Responsible Research and Innovation (RRI) is the idea of bringing stakeholders to the table when we plan our research strategies. The EU-funded project "FIT4RRI" was tasked with finding out why aspects of RRI - such as citizen science projects or the adoption of open science - are applied only little by European research institutes and their researchers. Experiments were conducted to find out how research projects can implement RRI principles right from the beginning. Based on that knowledge they then proceeded to develop guidelines and recommendations for institutions to foster RRI. And finally, they developed an online training course for researchers and administrators to learn about Responsible Research & Innovation practices. Maxie Gottschling (University of Göttingen) and Helene Brinken (now at the Leibniz Information Centre for Science and Technology) were part of a German workgroup within the much larger project. In this conversation, they give us some insights into what FIT4RRI found out, and what can be done. https://youtu.be/MyTdNdujVko informational video by FIT4RRI Resources: * Maxie Gottschling and Helene Brinken on @sfprocur* The FIT4RRI Website* RRI Toolkit on FOSTER* Slides and Recordings of the final summit "RRI4REAL" (scroll to the bottom)
My guest in this episode is Dr. Maria-Elena Vorrath, a geologist who studies the history of climate change, who just finished her PhD. Besides her work as a researcher she is a science communicator with Scientists for Future. Her message is clear: we can't stop climate change, but we can slow the temperature rise. Every bit of reduction in carbon dioxide emissions saves lives down the line. And: A low-carbon society cannot rely on low-emission-technologies, only, but it also has to reduce it's overall consumption. We further talk about Elena's background and research, as well as her science communication for Scientists for Future. Listen to the Full Conversation on Patreon! To investigate the climate for the last 17 000 years, Maria-Elena Vorrath took samples from the ocean floor at the coast of Antarctica - sediment cores to be precise. These cores reveal the layers of sedimentation. Each layer correlates with one year.She sampled the different layers and analysed how much of a specific protein they contained; a protein that was produced by algae that live at the bottom side of ice sheets. So, the amount of protein tells her about the amount of ice on the ocean in a given year. Elena began sharing her work with the public around the same time Greta Thunberg gained media attention in late 2018 and joined Scientists for Future shortly after. She gives talks about her work at Science Slams and other events and combines it with her dire warning message about the climate emergency. The entertaining jokes she leaves to the other contestants at the Science Slam. She feels that this is her duty as a climate investigator. Ressources * Maria-Elena Vorrath on Twitter* Maria-Elena's Science Slam talk on YouTube [GER]* Maria-Elena's talk at the "Chaos Computer Club" on YouTube [GER] * Maria-Elena Vorrath's profile at the Alfred-Wegner-Institute* Reports by the International Panel on Climate Change (IPCC)* "Earth Hasn't Warmed this Fast for Tens of Millions of Years" (Scientific American)* "Sea level rise from ice sheets track worst-case climate change scenario" (Science Direct)* Carbon calculator: find out how much CO2 your flight will emit (The Guardian)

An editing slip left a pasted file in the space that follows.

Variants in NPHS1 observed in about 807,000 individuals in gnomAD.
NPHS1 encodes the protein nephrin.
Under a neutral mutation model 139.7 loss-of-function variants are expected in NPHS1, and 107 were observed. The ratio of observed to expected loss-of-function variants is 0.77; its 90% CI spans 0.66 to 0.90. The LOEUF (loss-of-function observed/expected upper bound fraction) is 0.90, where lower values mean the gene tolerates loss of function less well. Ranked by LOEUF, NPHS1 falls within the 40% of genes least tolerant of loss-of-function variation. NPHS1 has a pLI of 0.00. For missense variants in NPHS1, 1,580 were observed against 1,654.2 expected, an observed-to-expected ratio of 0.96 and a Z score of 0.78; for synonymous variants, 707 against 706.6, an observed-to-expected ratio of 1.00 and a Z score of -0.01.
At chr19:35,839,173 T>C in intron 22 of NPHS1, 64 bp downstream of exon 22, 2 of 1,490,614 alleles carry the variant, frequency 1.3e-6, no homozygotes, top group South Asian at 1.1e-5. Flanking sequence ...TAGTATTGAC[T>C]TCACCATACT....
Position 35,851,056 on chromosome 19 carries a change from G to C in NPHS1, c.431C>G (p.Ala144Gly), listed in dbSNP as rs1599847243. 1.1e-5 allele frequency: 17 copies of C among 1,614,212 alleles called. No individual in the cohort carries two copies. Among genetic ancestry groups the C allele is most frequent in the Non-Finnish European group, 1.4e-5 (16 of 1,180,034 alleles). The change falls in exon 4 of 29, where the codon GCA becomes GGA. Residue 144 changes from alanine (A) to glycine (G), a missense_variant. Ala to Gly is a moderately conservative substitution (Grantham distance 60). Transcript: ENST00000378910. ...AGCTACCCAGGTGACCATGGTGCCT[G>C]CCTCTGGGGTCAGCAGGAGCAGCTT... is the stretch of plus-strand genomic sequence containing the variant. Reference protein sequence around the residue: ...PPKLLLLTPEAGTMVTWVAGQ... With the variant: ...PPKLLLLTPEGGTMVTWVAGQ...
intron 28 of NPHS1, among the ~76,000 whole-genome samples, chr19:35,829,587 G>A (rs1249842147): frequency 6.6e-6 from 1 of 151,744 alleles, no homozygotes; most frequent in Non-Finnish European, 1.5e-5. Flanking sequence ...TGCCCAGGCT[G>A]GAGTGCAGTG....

One of my favorite topics is artificial intelligence, or - more specifically - what we can learn from neuroscience about artificial intelligence. So, when I was gifted the book "Life 3.0: Being Human in the Age of Artificial Intelligence" by Max Tegmar...